International perspectives about literacy and deaf students is an uncharted intellectual landscape. Much of the literacy research in deaf education is conducted in English-speaking countries—primarily the United States—but 90% of deaf children live outside the U.S. and learn various signed and spoken languages, as well as diverse writing systems. Many of these children face significant educational challenges. In order to improve the literacy outcomes of deaf students around the world, it is imperative to study how children are using their local signed and spoken languages along with Deaf culture to learn to read and write. This volume fills a void in the field by providing a global view of recent theoretical and applied research on literacy education for deaf learners.
Literacy and Deaf Education: Toward a Global Understanding is organized by region and country, with the first part discussing writing systems that use alphabetic scripts, and the second part focusing on countries that use non-alphabetic scripts. Some examples of the wide spectrum of topics covered include communication methodologies, curriculum, bilingual education, reading interventions, script diversity, and sociocultural development, including Deaf cultural developments. The contributors provide the results from literacy projects in fifteen countries and regions.
This volume aims to widen the knowledge base, familiarize others in the field with these initiatives, and improve global understandings and outcomes of literacy teaching and learning in deaf education from birth to high school.
Signed chapter summaries are available on the Gallaudet University Press YouTube channel.
Out of the Woods: A Bird Watcher’s Year is a journey through the seasons and a joyous celebration of growing old. In fifty-nine essays and poems, Ora E. Anderson, birder, bird carver, naturalist, and nature writer, reveals the insights and recollections of a keen-eyed observer of nature, both human and avian. The essays follow the rivers and creeks, the highways and little-known byways of Appalachia, and along the way we become nearly as familiar with its numerous bird, plant, and animal species as with the author himself.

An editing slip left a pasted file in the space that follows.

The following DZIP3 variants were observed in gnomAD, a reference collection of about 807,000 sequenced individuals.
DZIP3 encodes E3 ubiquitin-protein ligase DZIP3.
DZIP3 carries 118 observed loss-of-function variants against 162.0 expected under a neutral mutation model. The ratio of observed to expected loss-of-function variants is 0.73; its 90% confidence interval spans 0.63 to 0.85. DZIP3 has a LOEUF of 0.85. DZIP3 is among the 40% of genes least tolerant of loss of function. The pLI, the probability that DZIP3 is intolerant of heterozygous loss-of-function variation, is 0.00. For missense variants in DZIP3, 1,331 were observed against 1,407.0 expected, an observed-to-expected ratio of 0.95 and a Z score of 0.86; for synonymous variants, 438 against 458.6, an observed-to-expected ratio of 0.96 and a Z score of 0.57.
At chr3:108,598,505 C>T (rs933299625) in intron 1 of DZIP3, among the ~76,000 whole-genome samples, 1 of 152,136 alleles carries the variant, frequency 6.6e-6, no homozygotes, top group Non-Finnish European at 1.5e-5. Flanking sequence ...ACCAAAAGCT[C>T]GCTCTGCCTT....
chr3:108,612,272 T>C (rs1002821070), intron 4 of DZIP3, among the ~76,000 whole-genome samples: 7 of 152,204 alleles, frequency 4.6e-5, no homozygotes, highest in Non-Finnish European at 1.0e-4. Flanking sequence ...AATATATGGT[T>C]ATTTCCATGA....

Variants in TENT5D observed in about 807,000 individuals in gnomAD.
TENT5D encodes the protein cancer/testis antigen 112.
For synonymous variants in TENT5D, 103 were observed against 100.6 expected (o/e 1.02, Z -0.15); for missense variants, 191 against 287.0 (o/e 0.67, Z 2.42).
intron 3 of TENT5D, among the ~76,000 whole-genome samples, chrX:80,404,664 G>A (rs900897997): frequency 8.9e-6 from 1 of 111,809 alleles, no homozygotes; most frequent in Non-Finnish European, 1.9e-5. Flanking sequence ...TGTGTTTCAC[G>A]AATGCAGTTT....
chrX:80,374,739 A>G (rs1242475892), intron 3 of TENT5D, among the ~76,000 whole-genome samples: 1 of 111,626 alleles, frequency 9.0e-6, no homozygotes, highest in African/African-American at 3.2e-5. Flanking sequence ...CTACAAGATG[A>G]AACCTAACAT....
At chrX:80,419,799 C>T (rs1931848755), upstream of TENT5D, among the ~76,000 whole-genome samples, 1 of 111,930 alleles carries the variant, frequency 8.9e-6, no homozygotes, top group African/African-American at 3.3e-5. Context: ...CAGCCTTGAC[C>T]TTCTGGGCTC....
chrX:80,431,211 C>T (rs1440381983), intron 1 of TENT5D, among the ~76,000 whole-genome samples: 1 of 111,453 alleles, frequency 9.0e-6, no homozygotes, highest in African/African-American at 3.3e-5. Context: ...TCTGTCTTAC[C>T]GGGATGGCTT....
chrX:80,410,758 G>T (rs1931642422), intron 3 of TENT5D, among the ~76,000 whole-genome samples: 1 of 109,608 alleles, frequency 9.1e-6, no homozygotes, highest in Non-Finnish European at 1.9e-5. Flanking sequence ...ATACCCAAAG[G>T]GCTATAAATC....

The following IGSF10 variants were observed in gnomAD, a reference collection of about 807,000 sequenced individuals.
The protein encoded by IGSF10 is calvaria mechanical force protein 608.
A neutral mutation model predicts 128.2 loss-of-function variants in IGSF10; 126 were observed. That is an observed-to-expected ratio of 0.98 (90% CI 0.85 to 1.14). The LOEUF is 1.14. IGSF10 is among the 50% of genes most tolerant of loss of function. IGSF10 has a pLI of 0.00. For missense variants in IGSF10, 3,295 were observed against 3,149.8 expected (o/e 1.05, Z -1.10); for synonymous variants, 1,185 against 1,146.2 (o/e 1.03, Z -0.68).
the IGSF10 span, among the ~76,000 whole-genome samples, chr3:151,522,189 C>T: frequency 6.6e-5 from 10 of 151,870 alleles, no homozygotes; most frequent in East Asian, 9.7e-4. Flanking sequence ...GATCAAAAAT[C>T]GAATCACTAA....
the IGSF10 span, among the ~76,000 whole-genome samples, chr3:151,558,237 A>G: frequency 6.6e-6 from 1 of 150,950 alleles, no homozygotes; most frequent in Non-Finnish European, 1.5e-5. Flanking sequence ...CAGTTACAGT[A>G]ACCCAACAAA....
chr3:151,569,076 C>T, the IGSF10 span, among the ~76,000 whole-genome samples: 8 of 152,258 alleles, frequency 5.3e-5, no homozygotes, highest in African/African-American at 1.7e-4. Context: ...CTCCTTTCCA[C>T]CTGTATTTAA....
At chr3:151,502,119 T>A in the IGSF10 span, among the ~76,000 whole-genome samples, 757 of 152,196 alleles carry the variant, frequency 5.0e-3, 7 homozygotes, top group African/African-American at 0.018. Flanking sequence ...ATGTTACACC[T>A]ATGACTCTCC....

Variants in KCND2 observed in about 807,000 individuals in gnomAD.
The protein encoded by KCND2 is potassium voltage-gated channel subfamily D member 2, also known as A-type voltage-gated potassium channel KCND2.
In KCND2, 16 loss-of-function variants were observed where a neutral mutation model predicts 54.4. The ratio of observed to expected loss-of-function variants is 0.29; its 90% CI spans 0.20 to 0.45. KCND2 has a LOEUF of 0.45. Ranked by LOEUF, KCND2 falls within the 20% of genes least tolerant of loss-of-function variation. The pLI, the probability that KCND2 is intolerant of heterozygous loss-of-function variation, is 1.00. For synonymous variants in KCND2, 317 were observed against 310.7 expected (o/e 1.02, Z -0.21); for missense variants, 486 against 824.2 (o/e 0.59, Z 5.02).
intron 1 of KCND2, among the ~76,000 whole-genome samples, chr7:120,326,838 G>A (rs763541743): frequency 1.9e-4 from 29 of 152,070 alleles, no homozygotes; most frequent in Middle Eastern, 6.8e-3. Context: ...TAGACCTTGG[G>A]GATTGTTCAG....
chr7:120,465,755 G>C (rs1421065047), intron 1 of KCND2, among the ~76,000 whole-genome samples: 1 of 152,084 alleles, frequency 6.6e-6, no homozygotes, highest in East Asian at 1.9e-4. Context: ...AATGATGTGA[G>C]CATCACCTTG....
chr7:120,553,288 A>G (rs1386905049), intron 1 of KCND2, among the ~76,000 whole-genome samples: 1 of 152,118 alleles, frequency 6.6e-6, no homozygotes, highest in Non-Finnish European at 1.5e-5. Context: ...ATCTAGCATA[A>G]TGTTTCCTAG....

These are not the memories of a single year, however, but of a long lifetime spent immersed in the natural world. Out of the Woods, presented with humor and passion, is an account of a well-lived, productive, and satisfying life. The essays offer an intimate portrait of a half century of Anderson's life on his beloved old farm (more nearly a nature preserve), where he lived in harmony with birds and nature and followed the rhythm of the seasons. We are invited to share the joys—and the disappointments and sorrows—inherent in such a life.
Generously illustrated with Julie Zickefoose’s detailed and evocative drawings, this book will delight bird watchers, artists, naturalists, backyard gardeners, and anyone who is ever tempted to take a rutted, overgrown path just to see where it leads.
More than a quarter of the people on earth eat peppers every day of their lives, and true pepper lovers are always looking for better-tasting, hotter peppers. This handy, reliable guide makes finding them easy, as capsicum expert Jean Andrews shows you how to identify and use 42 peppers, both fresh and dried, commonly available in North American markets.
Andrews describes each pepper in detail, starting with its size, color, fruit shape, flesh, and pungency. She gives its common names, sources, and uses, and indicates other peppers that can substitute for it in recipes. Drawing on her vast store of pepper lore, she also includes notes and anecdotes about each pepper. Her color photographs illustrate all of the peppers.
In addition to the species descriptions, Andrews offers practical guidance on selecting and storing, roasting and rehydrating, and growing and harvesting peppers. She explains pepper nomenclature, describes the pungency factor, and notes the significance of color, aroma, flavor, and nutrition.